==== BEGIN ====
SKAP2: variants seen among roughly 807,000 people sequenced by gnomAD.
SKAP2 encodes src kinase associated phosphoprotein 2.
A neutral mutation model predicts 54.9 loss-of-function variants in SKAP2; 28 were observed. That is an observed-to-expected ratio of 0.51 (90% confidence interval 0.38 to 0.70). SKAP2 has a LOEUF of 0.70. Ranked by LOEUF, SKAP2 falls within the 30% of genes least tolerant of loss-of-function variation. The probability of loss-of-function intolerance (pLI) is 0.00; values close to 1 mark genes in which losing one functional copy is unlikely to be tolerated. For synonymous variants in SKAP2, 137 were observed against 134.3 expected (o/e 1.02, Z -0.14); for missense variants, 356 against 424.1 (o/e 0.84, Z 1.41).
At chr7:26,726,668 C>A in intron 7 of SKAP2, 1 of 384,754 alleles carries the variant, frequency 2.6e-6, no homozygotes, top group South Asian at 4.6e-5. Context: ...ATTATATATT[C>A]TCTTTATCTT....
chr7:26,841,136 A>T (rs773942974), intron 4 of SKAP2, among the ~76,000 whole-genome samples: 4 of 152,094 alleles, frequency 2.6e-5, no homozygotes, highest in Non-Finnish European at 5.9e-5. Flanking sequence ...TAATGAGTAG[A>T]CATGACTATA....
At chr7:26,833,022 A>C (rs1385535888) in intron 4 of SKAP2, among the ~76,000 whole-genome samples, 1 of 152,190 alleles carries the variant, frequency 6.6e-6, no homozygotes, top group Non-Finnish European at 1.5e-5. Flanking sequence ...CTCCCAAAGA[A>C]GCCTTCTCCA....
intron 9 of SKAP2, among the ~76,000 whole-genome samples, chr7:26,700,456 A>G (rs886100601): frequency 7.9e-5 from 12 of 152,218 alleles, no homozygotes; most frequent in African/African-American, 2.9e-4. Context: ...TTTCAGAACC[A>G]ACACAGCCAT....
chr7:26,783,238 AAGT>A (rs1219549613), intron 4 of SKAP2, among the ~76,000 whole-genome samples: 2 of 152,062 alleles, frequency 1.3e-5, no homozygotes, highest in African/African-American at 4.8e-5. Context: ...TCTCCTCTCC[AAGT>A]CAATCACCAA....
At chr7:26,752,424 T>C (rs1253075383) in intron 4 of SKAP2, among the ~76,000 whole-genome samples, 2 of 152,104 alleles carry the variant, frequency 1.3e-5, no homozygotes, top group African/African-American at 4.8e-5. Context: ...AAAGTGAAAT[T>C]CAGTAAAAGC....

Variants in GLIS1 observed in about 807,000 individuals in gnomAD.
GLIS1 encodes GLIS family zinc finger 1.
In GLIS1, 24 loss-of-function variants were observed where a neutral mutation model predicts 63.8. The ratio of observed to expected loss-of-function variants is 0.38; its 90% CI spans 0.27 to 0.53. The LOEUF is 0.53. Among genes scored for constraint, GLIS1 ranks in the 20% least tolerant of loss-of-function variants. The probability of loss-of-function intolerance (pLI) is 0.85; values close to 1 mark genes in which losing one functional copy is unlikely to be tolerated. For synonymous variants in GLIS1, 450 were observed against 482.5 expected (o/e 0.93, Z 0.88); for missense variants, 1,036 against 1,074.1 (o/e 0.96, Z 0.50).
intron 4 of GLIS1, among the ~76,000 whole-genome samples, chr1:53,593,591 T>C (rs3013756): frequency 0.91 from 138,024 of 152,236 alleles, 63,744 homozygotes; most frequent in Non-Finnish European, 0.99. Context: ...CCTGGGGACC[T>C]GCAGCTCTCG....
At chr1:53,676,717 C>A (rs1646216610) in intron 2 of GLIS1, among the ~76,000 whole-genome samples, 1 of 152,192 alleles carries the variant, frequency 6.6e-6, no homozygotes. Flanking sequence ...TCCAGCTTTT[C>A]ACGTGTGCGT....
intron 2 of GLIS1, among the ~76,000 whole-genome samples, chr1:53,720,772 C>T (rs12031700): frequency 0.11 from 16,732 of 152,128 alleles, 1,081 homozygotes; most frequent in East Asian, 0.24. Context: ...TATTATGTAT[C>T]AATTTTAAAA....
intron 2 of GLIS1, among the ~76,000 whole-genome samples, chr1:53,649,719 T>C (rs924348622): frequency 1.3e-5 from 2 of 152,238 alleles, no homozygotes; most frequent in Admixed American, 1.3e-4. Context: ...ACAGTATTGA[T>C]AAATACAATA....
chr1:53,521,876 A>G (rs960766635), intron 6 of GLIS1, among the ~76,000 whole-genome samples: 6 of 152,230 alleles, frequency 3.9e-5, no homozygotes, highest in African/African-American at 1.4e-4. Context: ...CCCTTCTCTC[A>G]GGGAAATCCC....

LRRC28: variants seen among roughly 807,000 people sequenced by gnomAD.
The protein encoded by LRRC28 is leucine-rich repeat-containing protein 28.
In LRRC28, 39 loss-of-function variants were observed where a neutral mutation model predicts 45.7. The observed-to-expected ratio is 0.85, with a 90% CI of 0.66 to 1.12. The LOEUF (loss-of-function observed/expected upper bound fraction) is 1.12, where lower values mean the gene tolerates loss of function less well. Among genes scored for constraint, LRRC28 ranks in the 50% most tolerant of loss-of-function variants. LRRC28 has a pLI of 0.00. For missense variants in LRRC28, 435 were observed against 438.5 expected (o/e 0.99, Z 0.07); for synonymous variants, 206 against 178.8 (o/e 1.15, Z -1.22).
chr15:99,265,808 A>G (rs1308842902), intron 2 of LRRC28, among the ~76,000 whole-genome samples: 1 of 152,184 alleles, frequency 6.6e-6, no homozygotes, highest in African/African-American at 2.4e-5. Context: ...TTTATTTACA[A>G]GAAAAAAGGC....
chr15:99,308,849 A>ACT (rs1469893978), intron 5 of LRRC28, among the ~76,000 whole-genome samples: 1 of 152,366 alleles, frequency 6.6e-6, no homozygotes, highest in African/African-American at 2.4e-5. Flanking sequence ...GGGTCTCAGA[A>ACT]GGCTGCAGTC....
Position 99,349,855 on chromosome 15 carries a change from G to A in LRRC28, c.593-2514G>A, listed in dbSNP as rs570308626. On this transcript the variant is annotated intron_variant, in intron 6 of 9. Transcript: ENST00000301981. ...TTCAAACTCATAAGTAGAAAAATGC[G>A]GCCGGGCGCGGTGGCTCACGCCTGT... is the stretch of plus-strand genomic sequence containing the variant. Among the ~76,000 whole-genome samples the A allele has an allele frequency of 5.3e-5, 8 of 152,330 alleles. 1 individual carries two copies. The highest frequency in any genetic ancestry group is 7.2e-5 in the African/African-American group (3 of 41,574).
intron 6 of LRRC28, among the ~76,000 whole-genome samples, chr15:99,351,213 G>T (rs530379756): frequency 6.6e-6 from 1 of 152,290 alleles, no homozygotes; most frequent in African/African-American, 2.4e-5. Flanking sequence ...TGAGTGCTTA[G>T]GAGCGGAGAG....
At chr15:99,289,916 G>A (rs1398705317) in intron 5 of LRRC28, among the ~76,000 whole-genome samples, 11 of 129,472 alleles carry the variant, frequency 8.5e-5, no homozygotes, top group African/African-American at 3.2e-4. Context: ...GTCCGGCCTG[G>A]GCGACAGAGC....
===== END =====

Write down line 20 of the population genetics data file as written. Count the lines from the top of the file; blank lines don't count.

In LRRC28, 39 loss-of-function variants were observed where a neutral mutation model predicts 45.7. The observed-to-expected ratio is 0.85, with a 90% CI of 0.66 to 1.12. The LOEUF (loss-of-function observed/expected upper bound fraction) is 1.12, where lower values mean the gene tolerates loss of function less well. Among genes scored for constraint, LRRC28 ranks in the 50% most tolerant of loss-of-function variants. LRRC28 has a pLI of 0.00. For missense variants in LRRC28, 435 were observed against 438.5 expected (o/e 0.99, Z 0.07); for synonymous variants, 206 against 178.8 (o/e 1.15, Z -1.22).